“This is quite the landmark settlement,” says Paul Wright, editor of Prison Legal Review.
Wright is referring to a $100 million deal reached this summer by the state attorney general and lawyers representing hundreds of women in Michigan prisons. The women, represented by Ann Arbor attorney Deborah LaBelle, claimed they’d been sexually abused by male guards or prison staff in incidents from March 1993 through this August. Two other Ann Arbor attorneys, Molly Reno and Dick Soble, also litigated for the women.
The legal action dates to 1996, when the first of three lawsuits was filed; they were eventually consolidated into one class-action case involving more than 500 women. The allegations ranged from constant “pat downs” to rape.
The first trial, involving ten of the class members, was heard before a Washtenaw County jury in 2008. The jury not only ruled in favor of the women, its members took the extraordinary step of apologizing to the plaintiffs as representatives of the citizens of Michigan. The state appealed the verdict, lost, and then settled the remaining cases.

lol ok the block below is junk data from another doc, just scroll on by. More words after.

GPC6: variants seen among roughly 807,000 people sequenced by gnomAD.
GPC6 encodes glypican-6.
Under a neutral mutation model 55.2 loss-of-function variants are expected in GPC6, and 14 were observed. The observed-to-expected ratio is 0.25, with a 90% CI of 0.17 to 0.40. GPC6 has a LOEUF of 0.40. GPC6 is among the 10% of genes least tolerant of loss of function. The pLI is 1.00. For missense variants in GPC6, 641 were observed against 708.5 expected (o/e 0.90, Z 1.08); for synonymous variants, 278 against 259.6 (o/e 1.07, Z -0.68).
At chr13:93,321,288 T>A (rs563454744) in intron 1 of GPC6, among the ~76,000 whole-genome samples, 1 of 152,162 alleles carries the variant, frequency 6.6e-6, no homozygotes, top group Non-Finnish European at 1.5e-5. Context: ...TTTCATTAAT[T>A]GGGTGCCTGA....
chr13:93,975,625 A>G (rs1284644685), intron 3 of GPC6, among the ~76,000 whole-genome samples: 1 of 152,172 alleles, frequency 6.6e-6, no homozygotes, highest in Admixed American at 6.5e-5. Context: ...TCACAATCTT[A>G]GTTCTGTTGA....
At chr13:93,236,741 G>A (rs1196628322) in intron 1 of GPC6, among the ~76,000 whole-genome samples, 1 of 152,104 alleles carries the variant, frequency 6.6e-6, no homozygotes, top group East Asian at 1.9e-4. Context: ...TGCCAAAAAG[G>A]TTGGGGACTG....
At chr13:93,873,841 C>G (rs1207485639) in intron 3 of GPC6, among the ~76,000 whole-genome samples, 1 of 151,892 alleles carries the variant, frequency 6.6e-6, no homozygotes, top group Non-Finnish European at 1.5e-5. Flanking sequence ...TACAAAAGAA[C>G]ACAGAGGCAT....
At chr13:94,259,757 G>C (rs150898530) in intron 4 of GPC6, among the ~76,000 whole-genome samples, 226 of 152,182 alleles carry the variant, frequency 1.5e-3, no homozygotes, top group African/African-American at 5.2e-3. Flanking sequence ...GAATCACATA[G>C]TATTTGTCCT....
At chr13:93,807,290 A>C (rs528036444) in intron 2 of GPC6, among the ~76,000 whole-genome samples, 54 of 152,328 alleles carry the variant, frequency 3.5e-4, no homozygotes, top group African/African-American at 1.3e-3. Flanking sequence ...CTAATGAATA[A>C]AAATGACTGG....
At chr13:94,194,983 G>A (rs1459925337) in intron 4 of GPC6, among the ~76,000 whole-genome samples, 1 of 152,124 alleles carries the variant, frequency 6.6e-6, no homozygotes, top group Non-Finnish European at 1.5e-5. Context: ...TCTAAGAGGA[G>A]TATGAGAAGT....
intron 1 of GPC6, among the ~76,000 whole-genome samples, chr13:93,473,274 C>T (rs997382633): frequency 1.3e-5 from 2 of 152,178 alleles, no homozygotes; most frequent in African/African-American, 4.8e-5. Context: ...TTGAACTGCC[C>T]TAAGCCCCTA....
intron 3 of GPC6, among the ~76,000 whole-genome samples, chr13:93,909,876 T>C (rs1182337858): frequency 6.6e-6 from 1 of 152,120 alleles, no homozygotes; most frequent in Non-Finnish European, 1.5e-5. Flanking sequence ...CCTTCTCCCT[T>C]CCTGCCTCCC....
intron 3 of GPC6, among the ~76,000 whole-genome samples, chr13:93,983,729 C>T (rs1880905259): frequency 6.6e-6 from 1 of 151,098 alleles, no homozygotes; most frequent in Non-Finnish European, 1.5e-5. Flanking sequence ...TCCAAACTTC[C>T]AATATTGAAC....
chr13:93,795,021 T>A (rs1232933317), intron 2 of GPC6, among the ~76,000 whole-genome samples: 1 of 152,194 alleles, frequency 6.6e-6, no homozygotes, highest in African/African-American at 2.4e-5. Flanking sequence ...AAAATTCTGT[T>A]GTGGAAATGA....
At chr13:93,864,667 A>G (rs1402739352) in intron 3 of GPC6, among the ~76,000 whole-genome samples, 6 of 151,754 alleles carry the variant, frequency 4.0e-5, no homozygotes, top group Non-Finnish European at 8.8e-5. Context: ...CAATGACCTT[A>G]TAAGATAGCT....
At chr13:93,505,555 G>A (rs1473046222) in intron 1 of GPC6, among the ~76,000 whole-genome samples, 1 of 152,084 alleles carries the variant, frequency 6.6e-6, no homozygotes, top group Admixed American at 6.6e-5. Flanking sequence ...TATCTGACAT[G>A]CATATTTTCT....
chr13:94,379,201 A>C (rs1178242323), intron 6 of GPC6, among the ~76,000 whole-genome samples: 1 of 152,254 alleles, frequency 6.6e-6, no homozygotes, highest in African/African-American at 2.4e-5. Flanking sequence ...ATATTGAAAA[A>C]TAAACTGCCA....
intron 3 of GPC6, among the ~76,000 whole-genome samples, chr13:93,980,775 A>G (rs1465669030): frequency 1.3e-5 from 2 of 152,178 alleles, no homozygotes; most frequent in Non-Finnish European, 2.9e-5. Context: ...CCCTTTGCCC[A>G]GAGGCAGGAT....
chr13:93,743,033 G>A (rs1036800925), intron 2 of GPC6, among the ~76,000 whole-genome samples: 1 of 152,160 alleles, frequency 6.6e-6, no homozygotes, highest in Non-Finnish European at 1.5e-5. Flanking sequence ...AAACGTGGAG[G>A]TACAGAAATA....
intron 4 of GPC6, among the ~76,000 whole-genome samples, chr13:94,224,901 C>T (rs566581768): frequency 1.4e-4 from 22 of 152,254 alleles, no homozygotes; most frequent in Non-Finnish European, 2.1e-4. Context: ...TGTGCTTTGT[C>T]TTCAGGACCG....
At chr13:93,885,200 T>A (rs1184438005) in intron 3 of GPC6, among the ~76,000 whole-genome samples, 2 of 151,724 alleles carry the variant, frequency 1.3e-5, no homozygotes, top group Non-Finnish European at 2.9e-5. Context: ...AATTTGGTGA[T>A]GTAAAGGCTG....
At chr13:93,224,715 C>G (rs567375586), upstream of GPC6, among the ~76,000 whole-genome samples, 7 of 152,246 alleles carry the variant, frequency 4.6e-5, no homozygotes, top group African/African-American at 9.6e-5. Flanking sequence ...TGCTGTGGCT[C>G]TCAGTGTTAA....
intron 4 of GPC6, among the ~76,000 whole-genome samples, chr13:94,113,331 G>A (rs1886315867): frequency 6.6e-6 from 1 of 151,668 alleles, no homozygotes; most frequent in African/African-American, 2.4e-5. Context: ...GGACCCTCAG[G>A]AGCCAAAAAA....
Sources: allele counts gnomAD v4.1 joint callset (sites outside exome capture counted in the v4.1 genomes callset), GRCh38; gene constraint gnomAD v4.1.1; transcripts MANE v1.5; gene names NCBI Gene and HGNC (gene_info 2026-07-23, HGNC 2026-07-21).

While female prisoners are abused in other states, LaBelle says, Michigan’s “culture of denial” was “extreme.” She praises the prisoners for their courage in talking to lawyers, saying some were further harassed for speaking out. And they praise her in return.
“The only person I had to protect me and believe in me was Deborah LaBelle,” says one former prisoner. She says that one male guard assaulted her and others (all “very young–serving long sentences”) for years.
Wright, an expert on prisoner cases, believes the settlement to be the “highest ever involving a prison where the defendants are government employees and there is a strong likelihood the judgment will be paid.” The state has also banned male guards from women’s living quarters.
Of the settlement, $71.3 million will go to the hundreds of female prisoners who have joined the suit; the exact number is yet to be determined. LaBelle and nine other lawyers will divide up $28.7 million. She’s already gearing up for her next cause: advocating for juveniles sentenced to prison.